In the 50s, there was a surgeon who recognized a pattern in his patients' recovery. Dr. Maxwell Maltz began to notice that, after a procedure - like a rhinoplasty, it would take a patient close to 21 days to get used to seeing their new nose on their face. Maltz also took note of amputees who would still sense the missing limb for about 21 days.
These discoveries encouraged the doctor to pay attention to his own patterns and behaviors. You guessed it! Maltz found that he, too, needed about 21 days to create new behaviors. So, he wrote about his findings.
"These, and many other commonly observed phenomena tend to show that it requires a minimum of about 21 days for an old mental image to dissolve and a new one to jell."
This quote was published in Maltz's book titled, Psycho-Cybernetics. This book sold more than 30 million copies.
And... the "21 Days to a Habit" lie was born. Well, okay - so it's wasn't a blatant lie. Nonetheless, we see how the doctor's theories were misconstrued, or maybe, just needed some more research. Instead, the world took it and ran.
Like a bad game of "telephone," the more Maltz's discovery was passed around, the more it deviated. Over time, people neglected to include that the doctor said, "a minimum of about 21 days." We chucked that and went straight to: "It takes 21 days to form a new habit."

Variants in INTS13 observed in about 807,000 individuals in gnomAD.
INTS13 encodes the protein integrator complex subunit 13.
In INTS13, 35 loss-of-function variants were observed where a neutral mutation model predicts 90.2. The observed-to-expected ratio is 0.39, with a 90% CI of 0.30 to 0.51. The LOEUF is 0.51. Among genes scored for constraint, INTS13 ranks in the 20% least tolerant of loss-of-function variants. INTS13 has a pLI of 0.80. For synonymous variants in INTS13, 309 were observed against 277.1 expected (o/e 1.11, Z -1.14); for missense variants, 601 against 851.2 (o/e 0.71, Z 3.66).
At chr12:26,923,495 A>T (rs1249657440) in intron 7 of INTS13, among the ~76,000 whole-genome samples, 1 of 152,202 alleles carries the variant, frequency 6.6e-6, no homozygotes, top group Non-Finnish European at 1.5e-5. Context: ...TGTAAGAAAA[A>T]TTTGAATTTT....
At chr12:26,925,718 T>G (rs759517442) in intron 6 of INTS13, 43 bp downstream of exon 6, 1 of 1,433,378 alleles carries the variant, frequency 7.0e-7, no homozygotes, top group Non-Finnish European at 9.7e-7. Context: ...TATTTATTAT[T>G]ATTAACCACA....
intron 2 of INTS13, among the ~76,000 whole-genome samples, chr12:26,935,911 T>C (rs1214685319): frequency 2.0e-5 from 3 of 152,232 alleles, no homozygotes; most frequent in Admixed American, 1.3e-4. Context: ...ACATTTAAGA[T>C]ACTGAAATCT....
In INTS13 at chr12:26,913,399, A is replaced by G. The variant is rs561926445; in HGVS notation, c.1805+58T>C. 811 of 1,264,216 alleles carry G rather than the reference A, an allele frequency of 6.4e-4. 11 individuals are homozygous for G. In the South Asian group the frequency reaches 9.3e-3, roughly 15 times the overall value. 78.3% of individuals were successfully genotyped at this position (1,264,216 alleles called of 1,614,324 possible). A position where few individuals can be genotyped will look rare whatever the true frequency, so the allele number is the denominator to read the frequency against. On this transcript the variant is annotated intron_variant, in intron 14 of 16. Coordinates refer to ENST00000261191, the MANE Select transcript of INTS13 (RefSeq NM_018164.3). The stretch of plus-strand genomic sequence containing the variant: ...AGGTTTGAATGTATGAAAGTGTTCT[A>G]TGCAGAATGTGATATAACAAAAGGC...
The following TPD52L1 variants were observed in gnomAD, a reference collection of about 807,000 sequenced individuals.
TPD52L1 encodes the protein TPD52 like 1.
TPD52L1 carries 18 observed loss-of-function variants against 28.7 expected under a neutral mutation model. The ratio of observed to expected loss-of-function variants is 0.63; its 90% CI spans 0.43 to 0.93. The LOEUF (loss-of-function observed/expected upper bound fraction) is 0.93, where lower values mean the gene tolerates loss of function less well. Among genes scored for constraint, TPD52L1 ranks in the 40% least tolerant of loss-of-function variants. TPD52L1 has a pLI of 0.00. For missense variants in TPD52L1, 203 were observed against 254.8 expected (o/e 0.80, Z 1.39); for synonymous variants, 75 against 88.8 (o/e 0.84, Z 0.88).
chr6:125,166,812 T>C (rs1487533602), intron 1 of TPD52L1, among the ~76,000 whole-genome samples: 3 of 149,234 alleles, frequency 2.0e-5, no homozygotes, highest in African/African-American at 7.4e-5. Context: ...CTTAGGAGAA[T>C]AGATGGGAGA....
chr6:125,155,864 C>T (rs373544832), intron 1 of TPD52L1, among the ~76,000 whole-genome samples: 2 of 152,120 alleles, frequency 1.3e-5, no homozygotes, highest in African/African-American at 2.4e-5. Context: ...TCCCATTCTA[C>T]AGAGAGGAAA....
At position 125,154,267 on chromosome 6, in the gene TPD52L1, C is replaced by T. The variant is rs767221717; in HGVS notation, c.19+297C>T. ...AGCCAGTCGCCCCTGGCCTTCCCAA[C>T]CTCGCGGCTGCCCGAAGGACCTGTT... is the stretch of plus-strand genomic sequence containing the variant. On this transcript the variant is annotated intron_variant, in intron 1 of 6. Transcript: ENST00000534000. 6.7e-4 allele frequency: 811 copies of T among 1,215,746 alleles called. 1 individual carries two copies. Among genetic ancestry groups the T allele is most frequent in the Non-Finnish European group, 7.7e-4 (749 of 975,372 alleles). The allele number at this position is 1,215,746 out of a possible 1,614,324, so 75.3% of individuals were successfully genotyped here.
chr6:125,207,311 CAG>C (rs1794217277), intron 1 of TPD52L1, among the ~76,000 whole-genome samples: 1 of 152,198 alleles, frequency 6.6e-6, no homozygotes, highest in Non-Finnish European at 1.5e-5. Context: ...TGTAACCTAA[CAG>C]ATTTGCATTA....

This is not the doctor's fault. He was observing his surroundings and stating what he found related to those specific circumstances. We, as we often do, turned it into more [or less] what we wanted, and left out what we didn't like, want, or understand.
A study in the European Journal of Social Psychology gathered 96 people and examined them over a 12-week span. It was found that, on average, it takes more than 2 months for a new behavior to become second nature - automatic. Of course, this is all contingent upon the type of behavior/habit, the person, and all surrounding circumstances.
The study confirmed that it took anywhere from 18 to 254 days for the 96 participants to form a new habit.
A new habit in 21 days is possible, but not absolute. It can take anywhere from 18 to 254 days, and that's just based on a study of 96 people. So, be honest with yourself. Most of us spend 21 days just trying to determine if we actually want to go through the growing pains necessary to form a new habit. Know what you want to achieve and be consistent. Forget about the number of days. It will take however long it takes.
Know what you want to achieve and be consistent in your efforts. Forget about the number of days it may take to get there. It will take however long it takes.